I read the e-mail, re read it and glanced at Yewande, there was a bored look on her face as if she couldn’t care less. My mind was in a turmoil and I kept imagining what my mum’s reaction would be  if she heard about what just happened. But first I wanted to slap Yewande, she was supposed to be the more experienced and smarter one between us, yet she was the one who made the dumb mistake of leaving her prefect tag in the guys’ apartment.

“Sir, I don’t know anything about the missing items”, I said turning to the principal

“Young lady, I don’t understand you, are you finally admitting that you didn’t sleep in your dormitory last night?”

“Yes sir, we didn’t sleep in the school.”

I realized it was useless to continue lying, the e-mail had all the evidence they needed, Yewande had forgotten her prefect tag in Sylvester’s room. The tag had her name, and the school’s name printed boldly on it so it.  Yewande hadn’t been the only stupid one. I had also made the mistake of allowing Kolade to take a picture of me lying on his bed wearing nothing but one of his t-shirts. That was the picture I was certain would kill my mum if she saw it. They had included a photograph of Yewande’s tag and also my picture in the e-mail they sent.

“Yewande is that true?”

“It is true sir, we slept in those guys’ place. I spent the night with one; she spent the night with the other guy. That’s all.”

“That’s all? How can that be all?  ”What about the missing cash and novels?”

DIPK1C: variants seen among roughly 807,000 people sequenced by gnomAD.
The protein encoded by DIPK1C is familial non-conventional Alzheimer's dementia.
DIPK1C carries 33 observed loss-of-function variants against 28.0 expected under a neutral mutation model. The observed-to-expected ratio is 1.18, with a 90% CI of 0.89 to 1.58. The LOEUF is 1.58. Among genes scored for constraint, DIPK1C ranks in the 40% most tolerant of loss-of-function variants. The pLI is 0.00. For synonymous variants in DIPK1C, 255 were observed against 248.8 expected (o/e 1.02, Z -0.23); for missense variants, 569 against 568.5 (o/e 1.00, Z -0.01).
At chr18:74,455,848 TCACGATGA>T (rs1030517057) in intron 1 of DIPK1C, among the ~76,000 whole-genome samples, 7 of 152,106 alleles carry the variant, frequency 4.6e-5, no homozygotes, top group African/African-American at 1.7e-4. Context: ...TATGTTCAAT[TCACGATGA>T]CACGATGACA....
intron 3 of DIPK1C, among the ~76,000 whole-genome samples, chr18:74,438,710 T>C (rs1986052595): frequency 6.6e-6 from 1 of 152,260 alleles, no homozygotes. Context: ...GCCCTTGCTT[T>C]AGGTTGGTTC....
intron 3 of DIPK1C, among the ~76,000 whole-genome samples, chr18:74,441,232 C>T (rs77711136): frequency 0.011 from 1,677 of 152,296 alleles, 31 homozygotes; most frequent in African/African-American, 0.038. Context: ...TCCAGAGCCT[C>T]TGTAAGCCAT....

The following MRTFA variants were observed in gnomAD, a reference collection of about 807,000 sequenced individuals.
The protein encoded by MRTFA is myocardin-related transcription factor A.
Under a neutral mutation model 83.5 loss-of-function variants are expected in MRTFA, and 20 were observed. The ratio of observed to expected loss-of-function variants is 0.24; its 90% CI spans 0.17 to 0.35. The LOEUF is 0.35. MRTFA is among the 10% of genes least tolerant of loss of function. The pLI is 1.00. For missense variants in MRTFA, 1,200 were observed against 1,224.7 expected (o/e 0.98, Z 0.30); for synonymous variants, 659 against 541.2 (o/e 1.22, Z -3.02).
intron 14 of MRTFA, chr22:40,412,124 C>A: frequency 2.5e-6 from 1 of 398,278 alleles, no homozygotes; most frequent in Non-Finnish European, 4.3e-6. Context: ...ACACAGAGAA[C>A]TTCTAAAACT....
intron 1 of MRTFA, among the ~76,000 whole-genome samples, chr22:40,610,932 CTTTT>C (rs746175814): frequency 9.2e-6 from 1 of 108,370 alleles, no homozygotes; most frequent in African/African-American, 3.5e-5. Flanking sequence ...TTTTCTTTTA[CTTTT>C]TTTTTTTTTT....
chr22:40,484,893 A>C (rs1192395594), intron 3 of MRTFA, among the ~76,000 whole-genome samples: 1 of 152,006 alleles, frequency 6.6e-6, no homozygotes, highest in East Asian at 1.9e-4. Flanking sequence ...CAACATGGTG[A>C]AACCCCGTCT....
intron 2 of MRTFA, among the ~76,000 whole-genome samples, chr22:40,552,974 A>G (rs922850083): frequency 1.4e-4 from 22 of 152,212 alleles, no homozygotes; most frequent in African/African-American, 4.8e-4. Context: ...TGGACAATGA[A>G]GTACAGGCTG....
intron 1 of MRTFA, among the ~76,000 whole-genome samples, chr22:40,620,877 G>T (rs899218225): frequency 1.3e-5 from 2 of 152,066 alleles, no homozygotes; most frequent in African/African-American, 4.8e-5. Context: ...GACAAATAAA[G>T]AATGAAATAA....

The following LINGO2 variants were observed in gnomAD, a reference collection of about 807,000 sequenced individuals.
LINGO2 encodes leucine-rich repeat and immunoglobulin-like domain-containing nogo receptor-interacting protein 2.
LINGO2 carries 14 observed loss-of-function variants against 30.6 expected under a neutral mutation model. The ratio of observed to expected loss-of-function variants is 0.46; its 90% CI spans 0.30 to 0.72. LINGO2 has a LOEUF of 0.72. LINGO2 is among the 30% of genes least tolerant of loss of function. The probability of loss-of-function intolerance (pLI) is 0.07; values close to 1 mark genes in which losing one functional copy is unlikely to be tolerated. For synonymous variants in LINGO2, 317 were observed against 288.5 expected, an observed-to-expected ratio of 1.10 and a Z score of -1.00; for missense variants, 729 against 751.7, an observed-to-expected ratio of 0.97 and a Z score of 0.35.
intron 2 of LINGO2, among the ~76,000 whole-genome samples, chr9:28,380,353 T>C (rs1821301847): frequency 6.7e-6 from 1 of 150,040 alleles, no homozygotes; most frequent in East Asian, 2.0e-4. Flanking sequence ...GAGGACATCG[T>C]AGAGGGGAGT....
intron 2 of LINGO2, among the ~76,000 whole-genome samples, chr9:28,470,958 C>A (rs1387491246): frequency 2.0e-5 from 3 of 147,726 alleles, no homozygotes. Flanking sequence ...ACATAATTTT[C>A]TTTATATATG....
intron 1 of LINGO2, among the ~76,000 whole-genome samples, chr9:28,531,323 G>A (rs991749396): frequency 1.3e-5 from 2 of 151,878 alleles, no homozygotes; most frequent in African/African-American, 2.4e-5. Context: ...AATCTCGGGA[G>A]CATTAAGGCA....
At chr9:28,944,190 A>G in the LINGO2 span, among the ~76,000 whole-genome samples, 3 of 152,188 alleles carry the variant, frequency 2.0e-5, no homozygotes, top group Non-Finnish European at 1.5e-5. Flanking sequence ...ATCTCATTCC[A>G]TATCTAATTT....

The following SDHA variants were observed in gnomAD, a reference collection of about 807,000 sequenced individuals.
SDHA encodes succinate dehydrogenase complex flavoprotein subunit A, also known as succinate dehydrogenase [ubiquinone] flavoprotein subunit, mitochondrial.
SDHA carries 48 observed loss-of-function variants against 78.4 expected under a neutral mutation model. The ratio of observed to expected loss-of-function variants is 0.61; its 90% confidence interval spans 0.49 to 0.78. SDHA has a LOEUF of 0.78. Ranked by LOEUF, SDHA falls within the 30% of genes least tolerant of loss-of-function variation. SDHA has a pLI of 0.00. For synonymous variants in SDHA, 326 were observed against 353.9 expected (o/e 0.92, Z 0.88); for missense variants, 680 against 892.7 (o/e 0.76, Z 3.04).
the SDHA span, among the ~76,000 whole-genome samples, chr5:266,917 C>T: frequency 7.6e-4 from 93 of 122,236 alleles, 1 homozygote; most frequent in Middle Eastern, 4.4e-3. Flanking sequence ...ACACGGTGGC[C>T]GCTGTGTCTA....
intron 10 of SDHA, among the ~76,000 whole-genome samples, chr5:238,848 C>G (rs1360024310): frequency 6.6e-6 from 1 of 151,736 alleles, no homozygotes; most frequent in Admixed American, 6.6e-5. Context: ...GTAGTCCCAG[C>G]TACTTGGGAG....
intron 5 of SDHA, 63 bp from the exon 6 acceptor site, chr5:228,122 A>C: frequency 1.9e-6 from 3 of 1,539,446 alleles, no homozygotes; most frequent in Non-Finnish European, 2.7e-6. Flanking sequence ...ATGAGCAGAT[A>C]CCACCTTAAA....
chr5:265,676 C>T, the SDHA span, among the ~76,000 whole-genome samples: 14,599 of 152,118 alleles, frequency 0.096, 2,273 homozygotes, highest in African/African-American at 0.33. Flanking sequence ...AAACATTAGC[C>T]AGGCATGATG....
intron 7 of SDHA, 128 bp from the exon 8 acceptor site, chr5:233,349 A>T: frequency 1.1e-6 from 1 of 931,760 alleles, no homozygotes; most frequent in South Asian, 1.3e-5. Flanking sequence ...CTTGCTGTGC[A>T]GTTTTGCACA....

“Did you read what those guys called this school? They called my own school a training ground for prostitutes. That’s what they called you girls and I am tempted to agree.”

“Which of one of you stole their =N=2,000 and novels?”

“I didn’t take anything sir,” I replied in a trembling voice

I honestly wanted to disappear; this is something to be ashamed about Bosola I told myself. I could live with being called a prostitute but a thief was unthinkable.

“Adisa, take them both back to the hostel and search their belongings very well. I worked hard to build this school to the great standard that we boast of today. I won’t allow these stupid children to ruin my work.



Mr Adisa led the way back to the hostel, he announced at the entrance of the hostel that he was about to come in, he gave the girls five minutes and then entered the dormitory.

“This is really a day for standards” I mused; usually Mr Adisa would barge into the female dormitories anytime he felt like. Sometimes during siesta, he would even walk around the bunks and kiss some of the female students on the lips.

We entered and I went straight to my bunk, the occupants of the room watched on. There were lots of mutterings and hissing and somehow I guessed they had gotten wind of what happened. I watched disinterestedly as Slappy approached and told Mr Adisa that she would love to help with the search. They searched all my belongings and even almost ripped the mattress out but they didn’t find anything.

“I and some other seniors can take her to the bathroom and search her body,” Slappy suggested

“Don’t bother with that yet”, Mr Adisa replied

Mr Adisa, Slappy and her team moved towards Yewande’s bunk and searched her things as thoroughly as they had did mine. I stood by watching as they searched, I noted the sweat beads that had formed on Mr Adisa’s head and wondered about why it was so easy for him to switch back and forth between being a responsible teacher and an irresponsible one.                                                                    

“Take them to the bathroom and search them” Mr Adisa ordered after searching Yewande’s stuff for over thirty minutes and not finding any of the missing items.

 “Slappy must be pissing in her pants from ecstatic joy”. I thought looking at the wide grin on her face.

photo credit: google images